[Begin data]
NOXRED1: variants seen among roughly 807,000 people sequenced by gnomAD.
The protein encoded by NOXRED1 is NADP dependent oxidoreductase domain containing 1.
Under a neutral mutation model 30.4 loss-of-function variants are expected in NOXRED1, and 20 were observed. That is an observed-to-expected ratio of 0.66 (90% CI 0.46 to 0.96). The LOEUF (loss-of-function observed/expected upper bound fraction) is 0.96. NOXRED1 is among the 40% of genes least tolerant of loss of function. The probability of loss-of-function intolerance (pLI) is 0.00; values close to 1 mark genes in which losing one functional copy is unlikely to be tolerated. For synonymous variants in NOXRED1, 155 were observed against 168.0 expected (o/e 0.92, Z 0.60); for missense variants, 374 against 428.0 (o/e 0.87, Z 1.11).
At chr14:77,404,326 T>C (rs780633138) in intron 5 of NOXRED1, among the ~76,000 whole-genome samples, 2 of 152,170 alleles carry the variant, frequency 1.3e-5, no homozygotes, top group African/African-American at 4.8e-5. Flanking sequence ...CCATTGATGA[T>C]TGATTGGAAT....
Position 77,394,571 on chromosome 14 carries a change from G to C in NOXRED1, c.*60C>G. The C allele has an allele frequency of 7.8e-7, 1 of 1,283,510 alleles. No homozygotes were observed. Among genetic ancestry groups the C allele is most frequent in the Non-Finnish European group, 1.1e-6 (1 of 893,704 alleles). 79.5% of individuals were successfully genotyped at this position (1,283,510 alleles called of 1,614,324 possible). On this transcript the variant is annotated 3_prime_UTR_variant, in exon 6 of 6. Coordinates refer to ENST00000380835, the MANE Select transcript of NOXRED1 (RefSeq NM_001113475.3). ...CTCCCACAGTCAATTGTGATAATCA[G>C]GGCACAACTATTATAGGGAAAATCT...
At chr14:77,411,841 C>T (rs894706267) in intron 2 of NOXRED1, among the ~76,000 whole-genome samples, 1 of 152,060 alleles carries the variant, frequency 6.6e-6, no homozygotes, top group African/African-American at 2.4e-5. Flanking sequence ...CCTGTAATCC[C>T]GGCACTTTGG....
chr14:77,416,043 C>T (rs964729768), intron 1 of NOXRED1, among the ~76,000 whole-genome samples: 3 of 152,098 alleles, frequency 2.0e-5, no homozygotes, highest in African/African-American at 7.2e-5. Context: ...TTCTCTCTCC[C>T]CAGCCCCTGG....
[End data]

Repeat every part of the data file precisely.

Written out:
NOXRED1: variants seen among roughly 807,000 people sequenced by gnomAD.
The protein encoded by NOXRED1 is NADP dependent oxidoreductase domain containing 1.
Under a neutral mutation model 30.4 loss-of-function variants are expected in NOXRED1, and 20 were observed. That is an observed-to-expected ratio of 0.66 (90% CI 0.46 to 0.96). The LOEUF (loss-of-function observed/expected upper bound fraction) is 0.96. NOXRED1 is among the 40% of genes least tolerant of loss of function. The probability of loss-of-function intolerance (pLI) is 0.00; values close to 1 mark genes in which losing one functional copy is unlikely to be tolerated. For synonymous variants in NOXRED1, 155 were observed against 168.0 expected (o/e 0.92, Z 0.60); for missense variants, 374 against 428.0 (o/e 0.87, Z 1.11).
At chr14:77,404,326 T>C (rs780633138) in intron 5 of NOXRED1, among the ~76,000 whole-genome samples, 2 of 152,170 alleles carry the variant, frequency 1.3e-5, no homozygotes, top group African/African-American at 4.8e-5. Flanking sequence ...CCATTGATGA[T>C]TGATTGGAAT....
Position 77,394,571 on chromosome 14 carries a change from G to C in NOXRED1, c.*60C>G. The C allele has an allele frequency of 7.8e-7, 1 of 1,283,510 alleles. No homozygotes were observed. Among genetic ancestry groups the C allele is most frequent in the Non-Finnish European group, 1.1e-6 (1 of 893,704 alleles). 79.5% of individuals were successfully genotyped at this position (1,283,510 alleles called of 1,614,324 possible). On this transcript the variant is annotated 3_prime_UTR_variant, in exon 6 of 6. Coordinates refer to ENST00000380835, the MANE Select transcript of NOXRED1 (RefSeq NM_001113475.3). ...CTCCCACAGTCAATTGTGATAATCA[G>C]GGCACAACTATTATAGGGAAAATCT...
At chr14:77,411,841 C>T (rs894706267) in intron 2 of NOXRED1, among the ~76,000 whole-genome samples, 1 of 152,060 alleles carries the variant, frequency 6.6e-6, no homozygotes, top group African/African-American at 2.4e-5. Flanking sequence ...CCTGTAATCC[C>T]GGCACTTTGG....
chr14:77,416,043 C>T (rs964729768), intron 1 of NOXRED1, among the ~76,000 whole-genome samples: 3 of 152,098 alleles, frequency 2.0e-5, no homozygotes, highest in African/African-American at 7.2e-5. Context: ...TTCTCTCTCC[C>T]CAGCCCCTGG....